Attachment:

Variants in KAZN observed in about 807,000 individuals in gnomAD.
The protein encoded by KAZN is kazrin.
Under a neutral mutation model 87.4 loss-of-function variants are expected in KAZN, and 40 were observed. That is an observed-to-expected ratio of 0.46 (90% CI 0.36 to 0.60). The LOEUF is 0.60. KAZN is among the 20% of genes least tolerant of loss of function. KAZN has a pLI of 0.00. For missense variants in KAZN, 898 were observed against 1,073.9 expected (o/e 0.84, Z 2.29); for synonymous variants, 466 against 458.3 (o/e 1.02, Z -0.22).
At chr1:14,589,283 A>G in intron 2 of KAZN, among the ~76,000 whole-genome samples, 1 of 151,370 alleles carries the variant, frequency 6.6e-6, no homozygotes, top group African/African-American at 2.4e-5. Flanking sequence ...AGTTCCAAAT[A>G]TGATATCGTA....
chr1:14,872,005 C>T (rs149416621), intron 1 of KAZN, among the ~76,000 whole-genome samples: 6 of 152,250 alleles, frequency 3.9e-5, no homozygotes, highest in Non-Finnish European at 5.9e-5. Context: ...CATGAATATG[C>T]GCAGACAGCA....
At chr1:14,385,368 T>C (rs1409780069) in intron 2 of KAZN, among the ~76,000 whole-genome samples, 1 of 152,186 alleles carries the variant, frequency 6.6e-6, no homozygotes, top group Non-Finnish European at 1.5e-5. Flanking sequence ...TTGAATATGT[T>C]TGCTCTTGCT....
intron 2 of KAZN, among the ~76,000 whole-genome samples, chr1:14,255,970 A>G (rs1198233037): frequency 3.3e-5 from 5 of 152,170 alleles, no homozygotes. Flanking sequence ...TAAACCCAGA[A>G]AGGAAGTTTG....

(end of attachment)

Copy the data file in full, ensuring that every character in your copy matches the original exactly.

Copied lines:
Variants in KAZN observed in about 807,000 individuals in gnomAD.
The protein encoded by KAZN is kazrin.
Under a neutral mutation model 87.4 loss-of-function variants are expected in KAZN, and 40 were observed. That is an observed-to-expected ratio of 0.46 (90% CI 0.36 to 0.60). The LOEUF is 0.60. KAZN is among the 20% of genes least tolerant of loss of function. KAZN has a pLI of 0.00. For missense variants in KAZN, 898 were observed against 1,073.9 expected (o/e 0.84, Z 2.29); for synonymous variants, 466 against 458.3 (o/e 1.02, Z -0.22).
At chr1:14,589,283 A>G in intron 2 of KAZN, among the ~76,000 whole-genome samples, 1 of 151,370 alleles carries the variant, frequency 6.6e-6, no homozygotes, top group African/African-American at 2.4e-5. Flanking sequence ...AGTTCCAAAT[A>G]TGATATCGTA....
chr1:14,872,005 C>T (rs149416621), intron 1 of KAZN, among the ~76,000 whole-genome samples: 6 of 152,250 alleles, frequency 3.9e-5, no homozygotes, highest in Non-Finnish European at 5.9e-5. Context: ...CATGAATATG[C>T]GCAGACAGCA....
At chr1:14,385,368 T>C (rs1409780069) in intron 2 of KAZN, among the ~76,000 whole-genome samples, 1 of 152,186 alleles carries the variant, frequency 6.6e-6, no homozygotes, top group Non-Finnish European at 1.5e-5. Flanking sequence ...TTGAATATGT[T>C]TGCTCTTGCT....
intron 2 of KAZN, among the ~76,000 whole-genome samples, chr1:14,255,970 A>G (rs1198233037): frequency 3.3e-5 from 5 of 152,170 alleles, no homozygotes. Flanking sequence ...TAAACCCAGA[A>G]AGGAAGTTTG....